Once again this year my wife and I watched Joyeux Noel, a wonderful dramatization of what became known as the Christmas Truce. During World War I, men of all sides — German, French, and British — agreed to a truce on Christmas Eve. Amazingly, soldiers came out of the trenches and for too brief time were simply visitors sharing hymns, chocolate, and even a game of soccer. Sadly, they returned to their trenches, war resumed, and some of those men died.
It is a story that sounds too good to be true. Yet it did happen!
The many veterans I’ve come to know have helped me see that war becomes almost impossible when the soldier comes to see his/her Enemy as a person with a story, perhaps with a family. When a line is crossed and the Enemy becomes a person, the burden of war becomes almost intolerable. One man inventoried the belongings of a man he’d just killed and found a picture of this man with family. Another soldier recalls breaking into a house in search of an informant, spraying shattered glass over an infant and seeing the child’s mother react. Another encountered a family whose son had been killed by a patrol with the family’s father asking this soldier “Why? Why was my son killed?” I recall, too, reading of a bombardier of WWII who committed suicide because he could not live with the thought that the bombs he dropped on Dresden hit families, not enemies. Such memories often come to these veterans’ minds and hearts during this time of year that celebrates family.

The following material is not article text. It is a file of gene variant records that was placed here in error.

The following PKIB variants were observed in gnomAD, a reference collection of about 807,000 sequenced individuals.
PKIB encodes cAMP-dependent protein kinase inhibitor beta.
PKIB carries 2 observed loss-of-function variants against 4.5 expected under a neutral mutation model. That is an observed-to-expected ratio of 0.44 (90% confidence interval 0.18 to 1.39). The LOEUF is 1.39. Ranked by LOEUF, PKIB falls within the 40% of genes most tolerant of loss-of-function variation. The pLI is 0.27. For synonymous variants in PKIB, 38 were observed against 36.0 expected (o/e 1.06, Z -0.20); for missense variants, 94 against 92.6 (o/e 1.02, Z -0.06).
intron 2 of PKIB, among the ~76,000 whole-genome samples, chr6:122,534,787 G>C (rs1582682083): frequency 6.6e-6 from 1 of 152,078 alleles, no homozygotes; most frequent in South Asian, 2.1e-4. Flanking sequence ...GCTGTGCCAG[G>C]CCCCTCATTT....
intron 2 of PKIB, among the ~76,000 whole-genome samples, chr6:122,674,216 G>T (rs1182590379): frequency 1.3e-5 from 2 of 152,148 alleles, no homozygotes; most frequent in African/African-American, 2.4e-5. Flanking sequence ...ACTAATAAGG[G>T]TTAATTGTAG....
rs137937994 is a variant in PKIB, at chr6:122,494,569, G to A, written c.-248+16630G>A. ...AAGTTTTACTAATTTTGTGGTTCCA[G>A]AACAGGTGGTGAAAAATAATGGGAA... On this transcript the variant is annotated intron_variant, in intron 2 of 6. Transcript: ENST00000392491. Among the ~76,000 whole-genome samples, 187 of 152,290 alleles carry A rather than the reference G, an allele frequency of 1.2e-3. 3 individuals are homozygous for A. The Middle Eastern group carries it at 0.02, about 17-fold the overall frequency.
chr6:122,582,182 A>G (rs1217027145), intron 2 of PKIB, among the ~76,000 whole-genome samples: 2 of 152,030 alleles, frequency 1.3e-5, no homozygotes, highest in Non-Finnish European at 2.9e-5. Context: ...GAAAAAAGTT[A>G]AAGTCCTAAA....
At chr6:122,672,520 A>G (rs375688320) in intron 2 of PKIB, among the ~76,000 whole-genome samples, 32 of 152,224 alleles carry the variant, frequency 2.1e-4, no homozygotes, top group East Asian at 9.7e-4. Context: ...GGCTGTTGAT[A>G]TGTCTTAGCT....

And yet war goes on and this year as in too many years past, war separates families at Christmas. Ironically, as we prepare to celebrate a Christmas that keeps us separated from loved ones because of COVID, perhaps we can have some insight into what it was and is like to face Christmas with a loved one far away and possibly in danger.
Plato has said that only the dead have seen the end of war. Believe me, I am not a pacifist. I know that I would do whatever was necessary to defend loved ones. Yet war is something that is perhaps fostered not by those in the trenches but by the power brokers safely behind desks. So when we learn of men and women who are able to breach the gap and, even only for a moment, see the Enemy as a person, perhaps there is hope.
Here is a beautiful scene from Joyeux Noel. Music can indeed bring us together.
And here is a the song the Scots are singing in this scene. I share it in honor of all who are separated from family during this time, especially our military men and women.
For those who are capable of empathy, war becomes impossible to deal with emotionally and cognitively. I have also met with veterans and had friends who were veterans who struggled with this problem. One female vet told me that the US compensated those civilians who were harmed. They needed to register with the US. She cried as she told me about a child who “had all his shit blown out” and his mother brought the body to the US in hopes of compensation. I appreciate that you mentioned that those who sit behind desks send others into the jaws of death. What you did not discuss is the people who are not capable of empathy including, in my opinion, the psychologist James Elmer Mitchell who created the “enhanced interrogation techniques”. I know that the detainees are the enemy and they would probably kill us if they could. It is just that Viktor Frankl said, “No one is permitted to do evil, even if evil is done to him”.